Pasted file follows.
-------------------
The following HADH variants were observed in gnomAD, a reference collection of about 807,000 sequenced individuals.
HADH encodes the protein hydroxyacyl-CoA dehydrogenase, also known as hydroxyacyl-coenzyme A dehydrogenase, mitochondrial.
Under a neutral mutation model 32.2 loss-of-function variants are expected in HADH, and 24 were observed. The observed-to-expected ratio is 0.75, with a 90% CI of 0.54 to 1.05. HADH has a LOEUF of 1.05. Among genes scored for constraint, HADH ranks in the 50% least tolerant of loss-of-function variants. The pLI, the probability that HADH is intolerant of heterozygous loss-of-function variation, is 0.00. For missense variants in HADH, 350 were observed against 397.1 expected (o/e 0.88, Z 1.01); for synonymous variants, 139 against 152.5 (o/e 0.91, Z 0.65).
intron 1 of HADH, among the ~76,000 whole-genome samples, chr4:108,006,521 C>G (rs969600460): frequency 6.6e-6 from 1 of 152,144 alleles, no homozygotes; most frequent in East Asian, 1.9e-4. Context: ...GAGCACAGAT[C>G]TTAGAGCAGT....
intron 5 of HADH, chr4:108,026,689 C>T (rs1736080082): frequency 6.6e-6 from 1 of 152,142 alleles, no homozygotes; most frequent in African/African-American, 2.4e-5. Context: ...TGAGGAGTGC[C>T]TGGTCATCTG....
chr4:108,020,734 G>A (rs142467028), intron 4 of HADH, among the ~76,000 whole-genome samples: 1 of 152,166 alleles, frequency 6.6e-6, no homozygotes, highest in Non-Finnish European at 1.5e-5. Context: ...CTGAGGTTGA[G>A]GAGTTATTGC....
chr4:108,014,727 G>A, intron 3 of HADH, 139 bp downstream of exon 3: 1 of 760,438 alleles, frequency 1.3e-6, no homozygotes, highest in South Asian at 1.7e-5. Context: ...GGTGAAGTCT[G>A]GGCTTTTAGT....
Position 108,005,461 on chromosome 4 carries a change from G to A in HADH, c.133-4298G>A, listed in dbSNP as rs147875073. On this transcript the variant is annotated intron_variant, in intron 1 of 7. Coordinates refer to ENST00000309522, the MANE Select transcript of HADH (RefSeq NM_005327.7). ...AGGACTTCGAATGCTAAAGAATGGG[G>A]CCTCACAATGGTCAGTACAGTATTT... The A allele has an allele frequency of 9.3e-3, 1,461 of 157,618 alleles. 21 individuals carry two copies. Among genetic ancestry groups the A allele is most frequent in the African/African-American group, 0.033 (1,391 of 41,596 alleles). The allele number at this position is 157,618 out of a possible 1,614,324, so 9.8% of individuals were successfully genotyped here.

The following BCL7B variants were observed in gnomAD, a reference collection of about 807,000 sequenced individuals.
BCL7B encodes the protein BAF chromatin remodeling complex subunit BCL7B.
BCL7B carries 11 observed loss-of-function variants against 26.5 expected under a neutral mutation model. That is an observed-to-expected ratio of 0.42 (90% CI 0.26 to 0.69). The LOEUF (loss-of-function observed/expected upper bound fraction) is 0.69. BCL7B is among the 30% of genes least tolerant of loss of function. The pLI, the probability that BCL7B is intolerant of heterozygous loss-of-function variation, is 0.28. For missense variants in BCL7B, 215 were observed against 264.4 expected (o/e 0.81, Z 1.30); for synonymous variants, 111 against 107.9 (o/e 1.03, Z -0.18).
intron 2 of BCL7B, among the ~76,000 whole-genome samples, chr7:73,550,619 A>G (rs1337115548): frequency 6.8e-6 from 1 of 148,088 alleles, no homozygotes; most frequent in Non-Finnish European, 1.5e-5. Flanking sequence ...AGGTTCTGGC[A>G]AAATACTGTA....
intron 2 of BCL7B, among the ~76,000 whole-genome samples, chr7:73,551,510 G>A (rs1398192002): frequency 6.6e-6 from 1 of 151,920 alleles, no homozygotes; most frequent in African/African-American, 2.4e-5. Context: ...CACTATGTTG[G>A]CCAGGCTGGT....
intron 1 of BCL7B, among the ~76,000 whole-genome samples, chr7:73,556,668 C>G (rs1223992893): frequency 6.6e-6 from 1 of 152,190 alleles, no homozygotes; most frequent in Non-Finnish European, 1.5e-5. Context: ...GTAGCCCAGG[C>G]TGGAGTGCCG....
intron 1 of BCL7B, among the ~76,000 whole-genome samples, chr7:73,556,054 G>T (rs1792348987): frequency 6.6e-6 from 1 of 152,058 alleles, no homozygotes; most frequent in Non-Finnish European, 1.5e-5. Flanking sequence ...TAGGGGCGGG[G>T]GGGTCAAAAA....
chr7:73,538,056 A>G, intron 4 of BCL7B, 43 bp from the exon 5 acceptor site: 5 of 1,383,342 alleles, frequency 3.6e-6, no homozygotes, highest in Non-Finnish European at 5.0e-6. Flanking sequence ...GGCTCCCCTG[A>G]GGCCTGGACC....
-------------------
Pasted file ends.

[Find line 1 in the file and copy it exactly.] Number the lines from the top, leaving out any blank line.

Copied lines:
The following HADH variants were observed in gnomAD, a reference collection of about 807,000 sequenced individuals.